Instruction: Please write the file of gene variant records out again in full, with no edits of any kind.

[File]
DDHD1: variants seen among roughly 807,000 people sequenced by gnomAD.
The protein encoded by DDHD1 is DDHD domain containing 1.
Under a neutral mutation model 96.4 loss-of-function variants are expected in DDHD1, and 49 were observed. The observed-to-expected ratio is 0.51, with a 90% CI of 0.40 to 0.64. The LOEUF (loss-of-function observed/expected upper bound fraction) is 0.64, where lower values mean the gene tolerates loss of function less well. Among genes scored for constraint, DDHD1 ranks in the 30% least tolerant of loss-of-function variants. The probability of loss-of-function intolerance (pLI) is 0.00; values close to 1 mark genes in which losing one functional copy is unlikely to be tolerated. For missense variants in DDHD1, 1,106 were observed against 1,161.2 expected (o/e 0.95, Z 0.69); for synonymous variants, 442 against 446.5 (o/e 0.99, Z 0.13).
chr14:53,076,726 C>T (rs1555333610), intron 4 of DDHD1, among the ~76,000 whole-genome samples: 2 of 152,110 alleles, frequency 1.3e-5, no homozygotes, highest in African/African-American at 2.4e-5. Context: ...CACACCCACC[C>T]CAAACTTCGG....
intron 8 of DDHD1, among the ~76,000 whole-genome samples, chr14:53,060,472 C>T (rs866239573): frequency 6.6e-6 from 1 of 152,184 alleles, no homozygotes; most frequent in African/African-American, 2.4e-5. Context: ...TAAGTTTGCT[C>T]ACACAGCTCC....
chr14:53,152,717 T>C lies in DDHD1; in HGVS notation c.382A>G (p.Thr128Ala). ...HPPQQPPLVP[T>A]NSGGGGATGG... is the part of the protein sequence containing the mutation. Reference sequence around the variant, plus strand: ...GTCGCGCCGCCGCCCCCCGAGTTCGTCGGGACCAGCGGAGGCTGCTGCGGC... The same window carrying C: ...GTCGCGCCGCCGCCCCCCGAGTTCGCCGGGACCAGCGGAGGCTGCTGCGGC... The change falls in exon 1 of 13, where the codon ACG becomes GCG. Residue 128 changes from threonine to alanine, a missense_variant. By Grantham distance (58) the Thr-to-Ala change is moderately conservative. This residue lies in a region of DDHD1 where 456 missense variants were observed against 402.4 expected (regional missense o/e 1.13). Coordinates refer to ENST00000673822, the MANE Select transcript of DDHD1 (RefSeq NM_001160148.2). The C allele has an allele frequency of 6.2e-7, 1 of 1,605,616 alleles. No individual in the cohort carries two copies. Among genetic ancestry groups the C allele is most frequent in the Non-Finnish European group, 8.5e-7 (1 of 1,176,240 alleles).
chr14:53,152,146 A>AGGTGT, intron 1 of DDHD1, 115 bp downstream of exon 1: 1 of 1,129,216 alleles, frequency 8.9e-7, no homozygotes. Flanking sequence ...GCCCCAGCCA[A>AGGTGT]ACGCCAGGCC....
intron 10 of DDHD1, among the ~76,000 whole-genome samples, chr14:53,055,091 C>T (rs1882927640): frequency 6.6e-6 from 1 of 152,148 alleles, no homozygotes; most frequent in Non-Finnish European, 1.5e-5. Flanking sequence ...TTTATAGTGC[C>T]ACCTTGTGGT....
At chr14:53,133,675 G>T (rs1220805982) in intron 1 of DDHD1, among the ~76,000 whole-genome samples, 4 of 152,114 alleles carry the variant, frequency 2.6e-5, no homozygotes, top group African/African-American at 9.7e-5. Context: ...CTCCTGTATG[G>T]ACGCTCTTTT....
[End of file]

DDHD1: variants seen among roughly 807,000 people sequenced by gnomAD.
The protein encoded by DDHD1 is DDHD domain containing 1.
Under a neutral mutation model 96.4 loss-of-function variants are expected in DDHD1, and 49 were observed. The observed-to-expected ratio is 0.51, with a 90% CI of 0.40 to 0.64. The LOEUF (loss-of-function observed/expected upper bound fraction) is 0.64, where lower values mean the gene tolerates loss of function less well. Among genes scored for constraint, DDHD1 ranks in the 30% least tolerant of loss-of-function variants. The probability of loss-of-function intolerance (pLI) is 0.00; values close to 1 mark genes in which losing one functional copy is unlikely to be tolerated. For missense variants in DDHD1, 1,106 were observed against 1,161.2 expected (o/e 0.95, Z 0.69); for synonymous variants, 442 against 446.5 (o/e 0.99, Z 0.13).
chr14:53,076,726 C>T (rs1555333610), intron 4 of DDHD1, among the ~76,000 whole-genome samples: 2 of 152,110 alleles, frequency 1.3e-5, no homozygotes, highest in African/African-American at 2.4e-5. Context: ...CACACCCACC[C>T]CAAACTTCGG....
intron 8 of DDHD1, among the ~76,000 whole-genome samples, chr14:53,060,472 C>T (rs866239573): frequency 6.6e-6 from 1 of 152,184 alleles, no homozygotes; most frequent in African/African-American, 2.4e-5. Context: ...TAAGTTTGCT[C>T]ACACAGCTCC....
chr14:53,152,717 T>C lies in DDHD1; in HGVS notation c.382A>G (p.Thr128Ala). ...HPPQQPPLVP[T>A]NSGGGGATGG... is the part of the protein sequence containing the mutation. Reference sequence around the variant, plus strand: ...GTCGCGCCGCCGCCCCCCGAGTTCGTCGGGACCAGCGGAGGCTGCTGCGGC... The same window carrying C: ...GTCGCGCCGCCGCCCCCCGAGTTCGCCGGGACCAGCGGAGGCTGCTGCGGC... The change falls in exon 1 of 13, where the codon ACG becomes GCG. Residue 128 changes from threonine to alanine, a missense_variant. By Grantham distance (58) the Thr-to-Ala change is moderately conservative. This residue lies in a region of DDHD1 where 456 missense variants were observed against 402.4 expected (regional missense o/e 1.13). Coordinates refer to ENST00000673822, the MANE Select transcript of DDHD1 (RefSeq NM_001160148.2). The C allele has an allele frequency of 6.2e-7, 1 of 1,605,616 alleles. No individual in the cohort carries two copies. Among genetic ancestry groups the C allele is most frequent in the Non-Finnish European group, 8.5e-7 (1 of 1,176,240 alleles).
chr14:53,152,146 A>AGGTGT, intron 1 of DDHD1, 115 bp downstream of exon 1: 1 of 1,129,216 alleles, frequency 8.9e-7, no homozygotes. Flanking sequence ...GCCCCAGCCA[A>AGGTGT]ACGCCAGGCC....
intron 10 of DDHD1, among the ~76,000 whole-genome samples, chr14:53,055,091 C>T (rs1882927640): frequency 6.6e-6 from 1 of 152,148 alleles, no homozygotes; most frequent in Non-Finnish European, 1.5e-5. Flanking sequence ...TTTATAGTGC[C>T]ACCTTGTGGT....
At chr14:53,133,675 G>T (rs1220805982) in intron 1 of DDHD1, among the ~76,000 whole-genome samples, 4 of 152,114 alleles carry the variant, frequency 2.6e-5, no homozygotes, top group African/African-American at 9.7e-5. Context: ...CTCCTGTATG[G>T]ACGCTCTTTT....